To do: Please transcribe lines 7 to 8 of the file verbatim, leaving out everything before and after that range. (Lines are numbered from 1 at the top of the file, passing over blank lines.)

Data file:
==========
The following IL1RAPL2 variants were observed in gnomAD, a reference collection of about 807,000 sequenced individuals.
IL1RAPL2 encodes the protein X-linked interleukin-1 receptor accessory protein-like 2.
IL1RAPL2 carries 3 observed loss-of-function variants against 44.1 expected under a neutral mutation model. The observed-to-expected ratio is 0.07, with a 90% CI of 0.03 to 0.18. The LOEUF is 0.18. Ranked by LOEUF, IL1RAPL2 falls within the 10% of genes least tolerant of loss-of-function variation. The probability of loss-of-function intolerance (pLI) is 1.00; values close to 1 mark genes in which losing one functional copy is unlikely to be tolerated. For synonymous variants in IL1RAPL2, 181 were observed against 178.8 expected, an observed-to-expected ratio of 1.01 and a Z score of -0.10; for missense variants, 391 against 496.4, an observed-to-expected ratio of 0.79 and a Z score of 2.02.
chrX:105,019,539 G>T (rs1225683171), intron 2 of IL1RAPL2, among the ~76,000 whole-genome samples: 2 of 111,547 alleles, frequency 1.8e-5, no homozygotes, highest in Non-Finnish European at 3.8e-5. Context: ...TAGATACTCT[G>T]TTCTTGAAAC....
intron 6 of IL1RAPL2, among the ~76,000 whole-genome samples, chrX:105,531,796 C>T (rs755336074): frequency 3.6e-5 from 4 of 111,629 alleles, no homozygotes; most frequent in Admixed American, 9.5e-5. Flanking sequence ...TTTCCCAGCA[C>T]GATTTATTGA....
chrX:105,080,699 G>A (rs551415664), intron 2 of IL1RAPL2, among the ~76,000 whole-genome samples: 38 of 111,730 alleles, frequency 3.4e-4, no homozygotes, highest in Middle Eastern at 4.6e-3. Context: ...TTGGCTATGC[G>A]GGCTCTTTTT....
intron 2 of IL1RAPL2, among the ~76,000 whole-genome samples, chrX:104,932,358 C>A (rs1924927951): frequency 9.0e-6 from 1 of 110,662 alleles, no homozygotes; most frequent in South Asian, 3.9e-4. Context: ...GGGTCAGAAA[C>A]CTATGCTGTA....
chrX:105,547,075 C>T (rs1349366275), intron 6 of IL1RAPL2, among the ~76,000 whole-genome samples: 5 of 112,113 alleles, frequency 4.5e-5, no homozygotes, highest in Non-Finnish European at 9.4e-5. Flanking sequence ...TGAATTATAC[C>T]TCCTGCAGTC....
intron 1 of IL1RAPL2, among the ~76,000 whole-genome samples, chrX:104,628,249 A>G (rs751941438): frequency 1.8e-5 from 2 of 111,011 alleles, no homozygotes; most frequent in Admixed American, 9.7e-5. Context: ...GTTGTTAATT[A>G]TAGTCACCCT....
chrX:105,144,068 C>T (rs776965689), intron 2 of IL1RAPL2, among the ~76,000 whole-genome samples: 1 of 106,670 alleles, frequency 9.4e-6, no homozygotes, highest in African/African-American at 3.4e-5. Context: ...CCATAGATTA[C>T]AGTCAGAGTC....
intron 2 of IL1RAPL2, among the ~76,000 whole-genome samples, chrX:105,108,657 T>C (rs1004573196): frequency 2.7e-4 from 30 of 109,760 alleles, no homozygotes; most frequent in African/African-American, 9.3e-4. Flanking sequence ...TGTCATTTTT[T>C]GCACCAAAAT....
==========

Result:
intron 2 of IL1RAPL2, among the ~76,000 whole-genome samples, chrX:104,932,358 C>A (rs1924927951): frequency 9.0e-6 from 1 of 110,662 alleles, no homozygotes; most frequent in South Asian, 3.9e-4. Context: ...GGGTCAGAAA[C>A]CTATGCTGTA....
chrX:105,547,075 C>T (rs1349366275), intron 6 of IL1RAPL2, among the ~76,000 whole-genome samples: 5 of 112,113 alleles, frequency 4.5e-5, no homozygotes, highest in Non-Finnish European at 9.4e-5. Flanking sequence ...TGAATTATAC[C>T]TCCTGCAGTC....